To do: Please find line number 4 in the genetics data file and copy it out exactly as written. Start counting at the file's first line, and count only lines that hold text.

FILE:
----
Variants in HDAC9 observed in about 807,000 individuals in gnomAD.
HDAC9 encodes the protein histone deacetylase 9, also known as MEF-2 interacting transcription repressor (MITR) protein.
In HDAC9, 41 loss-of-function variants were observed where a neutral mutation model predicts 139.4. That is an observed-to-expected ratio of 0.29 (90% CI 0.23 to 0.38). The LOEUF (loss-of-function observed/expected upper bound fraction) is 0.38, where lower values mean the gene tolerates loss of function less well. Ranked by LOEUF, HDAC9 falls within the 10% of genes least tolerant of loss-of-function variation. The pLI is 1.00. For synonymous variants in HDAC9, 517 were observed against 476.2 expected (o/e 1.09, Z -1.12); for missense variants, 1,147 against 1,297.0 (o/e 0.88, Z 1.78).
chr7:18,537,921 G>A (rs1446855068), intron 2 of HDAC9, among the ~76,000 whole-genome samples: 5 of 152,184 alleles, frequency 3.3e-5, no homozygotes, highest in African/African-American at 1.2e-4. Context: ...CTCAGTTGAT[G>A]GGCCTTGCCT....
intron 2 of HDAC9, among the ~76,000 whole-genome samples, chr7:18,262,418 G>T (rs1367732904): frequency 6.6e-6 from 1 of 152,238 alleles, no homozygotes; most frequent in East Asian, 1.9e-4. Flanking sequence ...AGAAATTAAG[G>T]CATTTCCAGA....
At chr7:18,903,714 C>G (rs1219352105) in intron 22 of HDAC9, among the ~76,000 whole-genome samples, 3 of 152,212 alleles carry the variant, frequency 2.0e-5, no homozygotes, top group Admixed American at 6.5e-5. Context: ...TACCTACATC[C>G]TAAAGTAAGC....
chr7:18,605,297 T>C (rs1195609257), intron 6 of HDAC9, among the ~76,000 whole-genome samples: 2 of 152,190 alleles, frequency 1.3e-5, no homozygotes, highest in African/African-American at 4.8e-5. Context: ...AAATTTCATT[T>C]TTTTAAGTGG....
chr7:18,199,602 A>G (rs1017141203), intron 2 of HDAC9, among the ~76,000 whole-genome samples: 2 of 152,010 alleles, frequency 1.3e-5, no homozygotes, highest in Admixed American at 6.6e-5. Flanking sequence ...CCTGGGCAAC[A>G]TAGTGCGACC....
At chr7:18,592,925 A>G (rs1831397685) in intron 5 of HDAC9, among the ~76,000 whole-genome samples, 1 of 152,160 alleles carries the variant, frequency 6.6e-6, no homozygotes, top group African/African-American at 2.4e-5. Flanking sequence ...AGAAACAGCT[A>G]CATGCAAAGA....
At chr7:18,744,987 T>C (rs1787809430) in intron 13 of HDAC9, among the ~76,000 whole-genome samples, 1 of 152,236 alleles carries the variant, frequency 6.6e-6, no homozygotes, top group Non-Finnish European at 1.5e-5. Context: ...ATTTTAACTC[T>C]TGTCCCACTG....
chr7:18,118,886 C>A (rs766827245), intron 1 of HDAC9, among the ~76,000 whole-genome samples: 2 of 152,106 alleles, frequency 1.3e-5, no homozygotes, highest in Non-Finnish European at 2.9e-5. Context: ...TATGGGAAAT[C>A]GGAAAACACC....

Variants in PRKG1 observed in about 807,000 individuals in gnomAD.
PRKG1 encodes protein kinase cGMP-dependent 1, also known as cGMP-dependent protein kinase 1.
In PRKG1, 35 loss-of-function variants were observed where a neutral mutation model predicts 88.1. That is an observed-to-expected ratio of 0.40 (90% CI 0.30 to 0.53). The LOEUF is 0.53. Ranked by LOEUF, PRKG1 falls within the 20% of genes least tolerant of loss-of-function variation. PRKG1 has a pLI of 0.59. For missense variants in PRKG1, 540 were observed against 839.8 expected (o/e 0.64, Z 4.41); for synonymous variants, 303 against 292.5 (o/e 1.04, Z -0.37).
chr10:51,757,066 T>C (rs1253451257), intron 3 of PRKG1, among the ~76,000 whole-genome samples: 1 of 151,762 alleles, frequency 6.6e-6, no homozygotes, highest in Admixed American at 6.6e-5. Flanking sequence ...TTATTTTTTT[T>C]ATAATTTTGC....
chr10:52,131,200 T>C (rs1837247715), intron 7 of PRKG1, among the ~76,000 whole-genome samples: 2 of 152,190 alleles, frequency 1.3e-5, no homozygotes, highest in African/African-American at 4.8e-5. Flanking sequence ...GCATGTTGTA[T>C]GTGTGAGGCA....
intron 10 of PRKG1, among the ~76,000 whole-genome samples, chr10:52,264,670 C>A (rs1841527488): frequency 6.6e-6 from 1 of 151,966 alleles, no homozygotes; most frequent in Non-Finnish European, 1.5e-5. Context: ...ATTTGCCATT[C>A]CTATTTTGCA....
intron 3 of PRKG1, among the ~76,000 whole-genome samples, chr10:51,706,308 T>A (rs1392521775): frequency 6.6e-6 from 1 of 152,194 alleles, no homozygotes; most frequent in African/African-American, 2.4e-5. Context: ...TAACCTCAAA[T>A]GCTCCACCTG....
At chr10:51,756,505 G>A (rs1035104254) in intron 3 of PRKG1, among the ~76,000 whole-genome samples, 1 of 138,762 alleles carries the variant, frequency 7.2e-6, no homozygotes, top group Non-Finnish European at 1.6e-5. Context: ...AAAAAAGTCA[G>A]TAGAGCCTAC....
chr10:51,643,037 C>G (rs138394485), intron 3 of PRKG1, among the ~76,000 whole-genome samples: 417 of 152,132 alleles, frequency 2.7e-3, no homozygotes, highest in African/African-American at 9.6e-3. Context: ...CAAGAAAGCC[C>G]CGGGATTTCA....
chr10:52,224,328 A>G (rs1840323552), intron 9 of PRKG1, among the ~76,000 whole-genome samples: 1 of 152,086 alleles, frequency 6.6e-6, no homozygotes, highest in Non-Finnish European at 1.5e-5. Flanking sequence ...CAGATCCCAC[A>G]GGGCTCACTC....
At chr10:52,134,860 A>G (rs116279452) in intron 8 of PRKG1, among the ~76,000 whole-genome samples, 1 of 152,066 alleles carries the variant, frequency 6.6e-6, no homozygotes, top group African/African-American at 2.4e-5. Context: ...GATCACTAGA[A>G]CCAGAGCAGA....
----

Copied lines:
chr7:18,537,921 G>A (rs1446855068), intron 2 of HDAC9, among the ~76,000 whole-genome samples: 5 of 152,184 alleles, frequency 3.3e-5, no homozygotes, highest in African/African-American at 1.2e-4. Context: ...CTCAGTTGAT[G>A]GGCCTTGCCT....